Loader output

Hi everybody!

I just tried to use the loader.loadModel() function providing an empty file as input. I can’t quite get a reliable error message or exception thrown. I’m not sure why. It provided the following warning once, but I can’t reproduce it.

express(warning): zlib error in inflate: Z_BUF_ERROR

Is there a way to verify the file loaded is actually valid? Or to verify the file hasn’t actually been loaded?


loader.loadModel() returns an empty NodePath on failure. To test for this, use something like this:

model = loader.loadModel('foo.egg')
if model.isEmpty():
  raise StandardError, 'model not loadable'


would it make more sense to raise an exception though? Like if you open a file in python its not there.

Yah. That’s one of the things on my short list this week.


I second the motion to throw an exception. I’m glad to hear it’s coming. You give bad food to a Panda at least it should shout at you. :slight_smile:

model = loader.loadModel('foo.egg')
if model.isEmpty():
  raise StandardError, 'model not loadable' 

Especially because this solution doesn’t seem to work. I’m pretty sure the model being loaded is not valid: it’s zero-sized. But model.isEmpty() returns False nevertheless and therefore the exception is not thrown. Are zero-sized files a special case?


A zero-sized egg file is technically valid (it just doesn’t have any polygons in it). A zero-sized bam file, on the other hand, or a zero-sized texture will be invalid.

This means it’s difficult to determine whether the egg file you loaded was zero-sized or not. However, note that a completely nonexistent egg file will indeed be considered invalid. Do you really have the danger of accidentally loading zero-sized egg files instead of real egg files?

Let me also correct my earlier claim: on an invalid file, loader.loadModel() will return None, not an empty NodePath.


Ah! That explains it. As I don’t have a broken egg file (and I wouldn’t know how to make one) I was trying to “simulate it” with a zero-sized file.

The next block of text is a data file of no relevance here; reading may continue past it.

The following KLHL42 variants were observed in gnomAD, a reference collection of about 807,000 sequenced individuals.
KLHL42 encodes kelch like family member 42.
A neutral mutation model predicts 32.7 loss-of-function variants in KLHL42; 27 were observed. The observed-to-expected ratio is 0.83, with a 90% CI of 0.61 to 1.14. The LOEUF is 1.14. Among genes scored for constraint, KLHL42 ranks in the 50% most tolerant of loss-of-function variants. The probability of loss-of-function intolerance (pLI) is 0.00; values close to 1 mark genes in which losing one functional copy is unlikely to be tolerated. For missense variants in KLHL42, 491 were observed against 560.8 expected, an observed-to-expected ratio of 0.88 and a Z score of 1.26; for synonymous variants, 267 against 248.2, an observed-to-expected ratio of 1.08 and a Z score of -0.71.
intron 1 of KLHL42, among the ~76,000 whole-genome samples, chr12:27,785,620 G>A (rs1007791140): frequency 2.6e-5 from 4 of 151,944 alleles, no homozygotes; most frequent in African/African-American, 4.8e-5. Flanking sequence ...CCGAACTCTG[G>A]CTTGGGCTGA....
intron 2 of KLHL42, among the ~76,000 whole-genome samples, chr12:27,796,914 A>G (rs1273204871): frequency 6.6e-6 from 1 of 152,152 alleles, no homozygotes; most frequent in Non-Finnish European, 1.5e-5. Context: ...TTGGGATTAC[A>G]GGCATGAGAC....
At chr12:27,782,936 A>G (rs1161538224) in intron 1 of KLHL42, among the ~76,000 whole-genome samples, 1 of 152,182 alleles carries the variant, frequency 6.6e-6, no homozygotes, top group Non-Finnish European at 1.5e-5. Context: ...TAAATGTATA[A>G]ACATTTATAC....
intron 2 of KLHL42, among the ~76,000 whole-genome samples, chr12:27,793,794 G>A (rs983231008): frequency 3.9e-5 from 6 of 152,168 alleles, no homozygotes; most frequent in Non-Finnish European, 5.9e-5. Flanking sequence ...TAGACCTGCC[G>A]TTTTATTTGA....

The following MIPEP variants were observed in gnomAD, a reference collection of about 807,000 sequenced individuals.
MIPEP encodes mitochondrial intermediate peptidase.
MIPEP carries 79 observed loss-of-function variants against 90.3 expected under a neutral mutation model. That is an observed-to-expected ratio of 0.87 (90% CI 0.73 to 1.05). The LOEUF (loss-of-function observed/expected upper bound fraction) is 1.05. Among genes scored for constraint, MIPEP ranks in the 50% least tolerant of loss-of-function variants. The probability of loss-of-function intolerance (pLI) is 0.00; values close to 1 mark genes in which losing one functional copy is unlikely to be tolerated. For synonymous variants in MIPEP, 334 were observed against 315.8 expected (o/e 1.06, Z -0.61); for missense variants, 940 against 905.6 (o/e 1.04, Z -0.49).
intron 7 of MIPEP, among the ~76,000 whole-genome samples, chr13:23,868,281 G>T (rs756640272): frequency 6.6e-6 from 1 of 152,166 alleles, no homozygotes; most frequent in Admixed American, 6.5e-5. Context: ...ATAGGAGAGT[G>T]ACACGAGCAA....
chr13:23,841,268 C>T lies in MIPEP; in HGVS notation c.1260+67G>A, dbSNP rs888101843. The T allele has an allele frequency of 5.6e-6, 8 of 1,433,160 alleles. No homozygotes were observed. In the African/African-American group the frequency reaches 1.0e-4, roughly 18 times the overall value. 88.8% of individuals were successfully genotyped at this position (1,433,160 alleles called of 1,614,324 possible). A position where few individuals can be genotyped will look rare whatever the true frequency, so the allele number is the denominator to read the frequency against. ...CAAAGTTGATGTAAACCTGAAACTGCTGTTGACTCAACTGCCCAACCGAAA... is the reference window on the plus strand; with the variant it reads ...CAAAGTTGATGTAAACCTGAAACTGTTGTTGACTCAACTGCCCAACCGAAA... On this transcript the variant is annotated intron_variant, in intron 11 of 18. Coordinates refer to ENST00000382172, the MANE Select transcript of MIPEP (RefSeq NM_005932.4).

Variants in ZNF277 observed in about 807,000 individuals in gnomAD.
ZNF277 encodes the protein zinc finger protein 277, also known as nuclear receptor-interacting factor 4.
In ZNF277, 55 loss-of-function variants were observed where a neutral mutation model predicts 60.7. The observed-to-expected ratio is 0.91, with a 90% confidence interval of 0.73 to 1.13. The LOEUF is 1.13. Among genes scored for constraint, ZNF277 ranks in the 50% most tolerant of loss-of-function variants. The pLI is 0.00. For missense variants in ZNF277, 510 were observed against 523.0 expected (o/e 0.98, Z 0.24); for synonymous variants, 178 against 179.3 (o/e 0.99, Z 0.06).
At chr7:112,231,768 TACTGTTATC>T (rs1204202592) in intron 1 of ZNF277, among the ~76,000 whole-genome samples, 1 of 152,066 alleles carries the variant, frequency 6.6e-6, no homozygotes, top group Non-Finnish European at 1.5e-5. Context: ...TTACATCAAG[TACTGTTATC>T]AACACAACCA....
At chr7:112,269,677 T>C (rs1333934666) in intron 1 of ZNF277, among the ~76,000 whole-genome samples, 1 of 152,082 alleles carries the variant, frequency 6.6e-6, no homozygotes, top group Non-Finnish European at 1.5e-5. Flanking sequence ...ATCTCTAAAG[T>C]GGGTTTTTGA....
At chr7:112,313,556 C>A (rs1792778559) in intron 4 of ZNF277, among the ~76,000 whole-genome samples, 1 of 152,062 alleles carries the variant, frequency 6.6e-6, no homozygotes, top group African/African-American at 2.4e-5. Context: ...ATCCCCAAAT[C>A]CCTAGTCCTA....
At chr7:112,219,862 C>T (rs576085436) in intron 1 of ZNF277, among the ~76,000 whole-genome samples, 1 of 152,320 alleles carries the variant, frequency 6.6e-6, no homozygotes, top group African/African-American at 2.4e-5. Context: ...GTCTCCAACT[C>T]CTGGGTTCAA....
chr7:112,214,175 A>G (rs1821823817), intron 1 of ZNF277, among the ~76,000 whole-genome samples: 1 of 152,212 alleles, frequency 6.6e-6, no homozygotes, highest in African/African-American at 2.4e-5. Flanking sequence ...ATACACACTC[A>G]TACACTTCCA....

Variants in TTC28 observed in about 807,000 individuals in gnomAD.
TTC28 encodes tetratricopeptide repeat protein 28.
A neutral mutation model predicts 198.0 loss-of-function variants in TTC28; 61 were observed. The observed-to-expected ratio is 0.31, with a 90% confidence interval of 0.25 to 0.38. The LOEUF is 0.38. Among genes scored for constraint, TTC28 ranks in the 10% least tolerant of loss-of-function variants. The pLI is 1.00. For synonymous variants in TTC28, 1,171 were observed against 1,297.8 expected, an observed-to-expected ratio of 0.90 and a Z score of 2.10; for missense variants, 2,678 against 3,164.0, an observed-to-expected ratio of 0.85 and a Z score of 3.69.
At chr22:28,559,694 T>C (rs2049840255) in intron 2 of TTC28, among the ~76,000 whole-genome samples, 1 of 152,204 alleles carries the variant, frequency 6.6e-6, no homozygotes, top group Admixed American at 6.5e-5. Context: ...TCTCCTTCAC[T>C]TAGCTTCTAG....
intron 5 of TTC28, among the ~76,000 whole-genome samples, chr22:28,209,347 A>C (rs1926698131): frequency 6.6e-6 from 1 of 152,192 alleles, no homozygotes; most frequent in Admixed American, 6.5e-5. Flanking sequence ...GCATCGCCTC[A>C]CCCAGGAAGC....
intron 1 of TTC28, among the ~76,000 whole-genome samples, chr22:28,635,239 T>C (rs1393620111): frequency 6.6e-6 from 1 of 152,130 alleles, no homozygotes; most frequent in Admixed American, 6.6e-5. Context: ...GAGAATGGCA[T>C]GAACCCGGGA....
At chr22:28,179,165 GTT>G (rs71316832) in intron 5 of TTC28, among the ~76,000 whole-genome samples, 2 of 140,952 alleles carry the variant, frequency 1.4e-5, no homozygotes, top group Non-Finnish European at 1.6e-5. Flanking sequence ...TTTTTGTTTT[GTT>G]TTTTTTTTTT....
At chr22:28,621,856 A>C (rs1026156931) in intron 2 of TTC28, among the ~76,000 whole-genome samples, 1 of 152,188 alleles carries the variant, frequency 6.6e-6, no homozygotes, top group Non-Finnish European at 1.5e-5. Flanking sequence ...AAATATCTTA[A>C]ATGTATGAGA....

Was that a Murphy’s law that says if there’s the chance for something to go wrong it will? =) In this case: it’s true, it’s unlikely. But eventually it might be the game’s users that might supply models and in that context I wouldn’t be surprised of anything.

But you confirm that if the file is zero-sized it will return an empty node rather than None?


No, even if you load an empty model it will still return a non-empty perfectly valid NodePath.

Ok, I’m now detecting zero-sized files -before- I pass them to the loader and managed to simplify my code in the process.

Given that some of the documentation is not complete though, I’d like to know: if an attempt is made to load a corrupt file through the following loader methods, what happens?

I seem to understand the first one will return None. Can I rely on this being the case for all of them? (the reference lists these methods as undocumented and does not provide indication of return types)

I also noticed that the loader provides unloader methods. Wouldn’t python garbage-collect items such as file handles that are no longer in use?


I think they generally return None on failure. Why not try it and see?

Unloading a model means removing it from the cache. There is a cache of recently-loaded models, so that if you load a model twice it only hits the disk the first time. Garbage collection can’t automatically empty the cache, of course.